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Re: Closures in Emacs and their usage scenarios.

From: Hongyi Zhao
Subject: Re: Closures in Emacs and their usage scenarios.
Date: Tue, 28 Sep 2021 22:50:08 +0800

On Tue, Sep 28, 2021 at 7:53 PM Arthur Miller <> wrote:
> Stefan Monnier via Users list for the GNU Emacs text editor
> <> writes:
> >> I noticed the document on closure here [1] implemented in Emacs/Elisp 
> >> currently.
> >> But it's only a very concise and short introduction, and I want to
> >> know more about the closures in Emacs and their usage scenarios.
> >> Any helpful tips are welcome.
> >
> > Maybe a good starting point is
> >
> >
> Chapter 2 from "On Lisp" by P. Graham has also very nice and accessible intro 
> to
> functions and closures:
> So has also "Let Over Lambda" by D. Hoyte:
> Chapter 2 is an entire chapter on closures and using them; if one is not 
> scared
> by subtitles like: "Let Over Lambda Over Let Over Lambda" :).

I have excerpted all relevant discussions as follows from there [1]:

Let Over Lambda Over Let Over Lambda

Users of object systems store values they want shared between all
objects of a certain class into so-called class variables or static
variables8. In lisp, this concept of sharing state between closures is
handled by environments in the same way that closures themselves store
state. Since an environment is accessible indefinitely, as long as it
is still possible to reference it, we are guaranteed that it will be
available as long as is needed.

If we want to maintain a global direction for all counters, up to
increment each closure's counter and down to decrement, then we might
want to use a let over lambda over let over lambda pattern:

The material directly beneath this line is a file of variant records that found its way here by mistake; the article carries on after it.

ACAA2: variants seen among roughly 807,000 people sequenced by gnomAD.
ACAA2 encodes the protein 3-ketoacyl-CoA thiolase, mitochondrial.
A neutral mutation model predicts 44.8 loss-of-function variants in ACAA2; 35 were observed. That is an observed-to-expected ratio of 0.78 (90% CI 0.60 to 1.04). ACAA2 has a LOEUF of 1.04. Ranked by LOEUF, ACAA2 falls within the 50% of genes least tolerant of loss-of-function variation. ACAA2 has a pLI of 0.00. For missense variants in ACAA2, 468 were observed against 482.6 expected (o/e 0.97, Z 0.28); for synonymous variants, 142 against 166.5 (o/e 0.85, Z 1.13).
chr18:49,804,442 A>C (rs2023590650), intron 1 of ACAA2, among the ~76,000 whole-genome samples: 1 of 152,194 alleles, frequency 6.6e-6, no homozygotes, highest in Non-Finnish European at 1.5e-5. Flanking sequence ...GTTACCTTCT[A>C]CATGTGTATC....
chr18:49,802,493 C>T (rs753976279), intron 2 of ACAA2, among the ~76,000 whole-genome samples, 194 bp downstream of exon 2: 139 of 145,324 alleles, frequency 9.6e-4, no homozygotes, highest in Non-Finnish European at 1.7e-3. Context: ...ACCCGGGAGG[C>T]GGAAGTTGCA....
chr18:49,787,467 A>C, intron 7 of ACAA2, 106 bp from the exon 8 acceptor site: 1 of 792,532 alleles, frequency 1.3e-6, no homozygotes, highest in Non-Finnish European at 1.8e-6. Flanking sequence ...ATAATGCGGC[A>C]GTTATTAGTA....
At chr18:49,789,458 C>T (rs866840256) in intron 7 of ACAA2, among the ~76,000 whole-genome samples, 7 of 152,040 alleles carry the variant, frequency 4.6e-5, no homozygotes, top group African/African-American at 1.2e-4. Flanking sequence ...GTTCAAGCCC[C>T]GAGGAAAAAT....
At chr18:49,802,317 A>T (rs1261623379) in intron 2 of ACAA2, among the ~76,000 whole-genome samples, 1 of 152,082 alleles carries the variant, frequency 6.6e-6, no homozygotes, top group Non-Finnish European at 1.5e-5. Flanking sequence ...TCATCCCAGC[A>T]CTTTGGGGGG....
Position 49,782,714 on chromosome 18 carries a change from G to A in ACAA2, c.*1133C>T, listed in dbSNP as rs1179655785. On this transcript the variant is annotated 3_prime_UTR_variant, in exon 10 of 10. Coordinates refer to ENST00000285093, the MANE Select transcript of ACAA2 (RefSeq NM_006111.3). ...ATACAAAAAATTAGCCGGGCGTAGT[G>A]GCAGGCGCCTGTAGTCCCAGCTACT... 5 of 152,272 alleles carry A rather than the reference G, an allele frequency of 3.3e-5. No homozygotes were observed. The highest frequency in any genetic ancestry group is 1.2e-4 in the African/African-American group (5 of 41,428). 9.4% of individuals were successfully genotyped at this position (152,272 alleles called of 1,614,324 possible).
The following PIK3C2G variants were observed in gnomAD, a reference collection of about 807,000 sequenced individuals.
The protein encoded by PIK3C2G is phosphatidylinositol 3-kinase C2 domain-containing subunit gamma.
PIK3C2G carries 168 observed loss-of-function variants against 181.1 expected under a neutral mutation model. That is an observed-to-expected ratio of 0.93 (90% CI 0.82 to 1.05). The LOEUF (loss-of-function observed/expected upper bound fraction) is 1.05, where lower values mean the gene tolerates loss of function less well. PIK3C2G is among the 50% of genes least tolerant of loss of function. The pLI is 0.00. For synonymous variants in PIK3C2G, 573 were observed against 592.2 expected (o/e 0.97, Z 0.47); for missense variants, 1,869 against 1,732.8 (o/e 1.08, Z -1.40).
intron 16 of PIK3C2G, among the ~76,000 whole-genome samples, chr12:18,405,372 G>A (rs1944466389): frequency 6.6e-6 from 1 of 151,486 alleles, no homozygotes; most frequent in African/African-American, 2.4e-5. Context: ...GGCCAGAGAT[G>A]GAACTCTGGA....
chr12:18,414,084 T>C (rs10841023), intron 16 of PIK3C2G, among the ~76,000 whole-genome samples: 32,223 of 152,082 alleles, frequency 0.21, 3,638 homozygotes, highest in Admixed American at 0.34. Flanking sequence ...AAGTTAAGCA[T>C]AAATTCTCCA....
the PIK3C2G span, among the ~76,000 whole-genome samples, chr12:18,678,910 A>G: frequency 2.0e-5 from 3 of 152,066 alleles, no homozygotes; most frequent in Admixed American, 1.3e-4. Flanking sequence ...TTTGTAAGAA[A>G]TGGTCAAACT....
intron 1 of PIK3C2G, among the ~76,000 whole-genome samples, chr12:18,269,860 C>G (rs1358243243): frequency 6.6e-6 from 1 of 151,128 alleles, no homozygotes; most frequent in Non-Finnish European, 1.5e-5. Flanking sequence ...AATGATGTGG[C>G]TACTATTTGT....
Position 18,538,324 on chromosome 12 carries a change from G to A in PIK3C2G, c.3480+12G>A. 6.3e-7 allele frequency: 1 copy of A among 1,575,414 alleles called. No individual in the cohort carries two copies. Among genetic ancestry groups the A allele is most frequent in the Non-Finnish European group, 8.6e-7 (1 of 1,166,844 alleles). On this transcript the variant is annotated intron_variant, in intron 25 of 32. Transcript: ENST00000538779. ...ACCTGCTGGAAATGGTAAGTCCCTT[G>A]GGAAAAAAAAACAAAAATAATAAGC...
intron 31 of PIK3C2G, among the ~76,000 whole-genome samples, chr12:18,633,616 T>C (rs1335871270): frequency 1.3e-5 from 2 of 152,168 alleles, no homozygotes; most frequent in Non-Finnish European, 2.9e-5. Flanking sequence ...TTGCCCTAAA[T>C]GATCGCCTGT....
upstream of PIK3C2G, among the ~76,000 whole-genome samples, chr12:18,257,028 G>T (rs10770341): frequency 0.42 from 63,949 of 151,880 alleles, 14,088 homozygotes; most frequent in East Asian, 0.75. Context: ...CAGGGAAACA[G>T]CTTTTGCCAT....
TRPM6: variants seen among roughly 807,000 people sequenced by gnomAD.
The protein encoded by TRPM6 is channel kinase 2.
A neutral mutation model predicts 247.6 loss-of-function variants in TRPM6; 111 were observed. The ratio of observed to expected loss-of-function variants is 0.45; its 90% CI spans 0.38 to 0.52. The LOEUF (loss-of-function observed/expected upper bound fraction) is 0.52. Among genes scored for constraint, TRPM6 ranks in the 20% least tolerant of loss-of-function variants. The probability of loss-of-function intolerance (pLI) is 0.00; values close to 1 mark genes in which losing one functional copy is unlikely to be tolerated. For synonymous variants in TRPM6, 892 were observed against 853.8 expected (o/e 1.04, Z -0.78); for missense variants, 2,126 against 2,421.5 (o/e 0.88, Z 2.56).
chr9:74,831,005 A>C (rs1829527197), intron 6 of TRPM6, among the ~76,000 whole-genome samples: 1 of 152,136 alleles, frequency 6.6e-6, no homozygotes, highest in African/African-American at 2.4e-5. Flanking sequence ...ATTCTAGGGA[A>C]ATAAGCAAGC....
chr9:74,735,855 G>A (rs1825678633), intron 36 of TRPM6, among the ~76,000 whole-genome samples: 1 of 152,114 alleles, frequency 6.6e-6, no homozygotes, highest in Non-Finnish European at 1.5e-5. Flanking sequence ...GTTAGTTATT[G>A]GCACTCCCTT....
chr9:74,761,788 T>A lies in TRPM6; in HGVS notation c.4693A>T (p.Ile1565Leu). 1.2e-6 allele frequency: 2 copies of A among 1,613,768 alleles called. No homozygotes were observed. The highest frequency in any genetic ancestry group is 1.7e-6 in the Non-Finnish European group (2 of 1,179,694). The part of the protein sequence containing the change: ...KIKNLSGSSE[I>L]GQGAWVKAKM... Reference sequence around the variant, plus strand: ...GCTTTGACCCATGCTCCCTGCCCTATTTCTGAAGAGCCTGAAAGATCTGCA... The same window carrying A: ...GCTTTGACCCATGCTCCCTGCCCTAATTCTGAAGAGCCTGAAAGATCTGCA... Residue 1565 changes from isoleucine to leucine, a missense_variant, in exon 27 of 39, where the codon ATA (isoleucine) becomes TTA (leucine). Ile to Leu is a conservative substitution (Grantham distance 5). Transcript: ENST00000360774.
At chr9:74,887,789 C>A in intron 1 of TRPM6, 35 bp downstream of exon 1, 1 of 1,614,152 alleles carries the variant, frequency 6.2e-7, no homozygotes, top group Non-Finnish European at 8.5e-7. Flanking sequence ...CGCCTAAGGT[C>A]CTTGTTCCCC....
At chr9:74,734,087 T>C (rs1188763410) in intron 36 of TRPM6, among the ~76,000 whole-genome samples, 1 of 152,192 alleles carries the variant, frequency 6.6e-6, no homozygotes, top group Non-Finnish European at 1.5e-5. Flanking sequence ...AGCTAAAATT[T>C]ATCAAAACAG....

(let ((direction 'up))
  (defun toggle-counter-direction ()
    (setq direction
          (if (eq direction 'up)

  (defun counter-class ()
    (let ((counter 0))
      (lambda ()
        (if (eq direction 'up)
          (incf counter)
          (decf counter))))))

In the above example, we have extended counter-class from the previous
section. Now calling closures created with counter-class will either
increment its counter binding or decrement it, depending on the value
of the direction binding which is shared between all counters. Notice
that we also take advantage of another lambda inside the direction
environment by creating a function called toggle-counter-direction
which changes the current direction for all counters.

While this combination of let and lambda is so useful that other
languages have adopted it in the form of class or static variables,
there exist other combinations of let and lambda that allow you to
structure code and state in ways that don't have direct analogs in
object systems9. Object systems are a formalisation of a subset of let
and lambda combinations, sometimes with gimmicks like inheritance
bolted on10. Because of this, lisp programmers often don't think in
terms of classes and objects. Let and lambda are fundamental; objects
and classes are derivatives. As Steele says, the "object" need not be
a primitive notion in programming languages. Once assignable value
cells and good old lambda expressions are available, object systems
are, at best, occasionally useful abstractions and, at worst,
special-case and redundant.

But TBF, these contents are still not so easy for me to understand.



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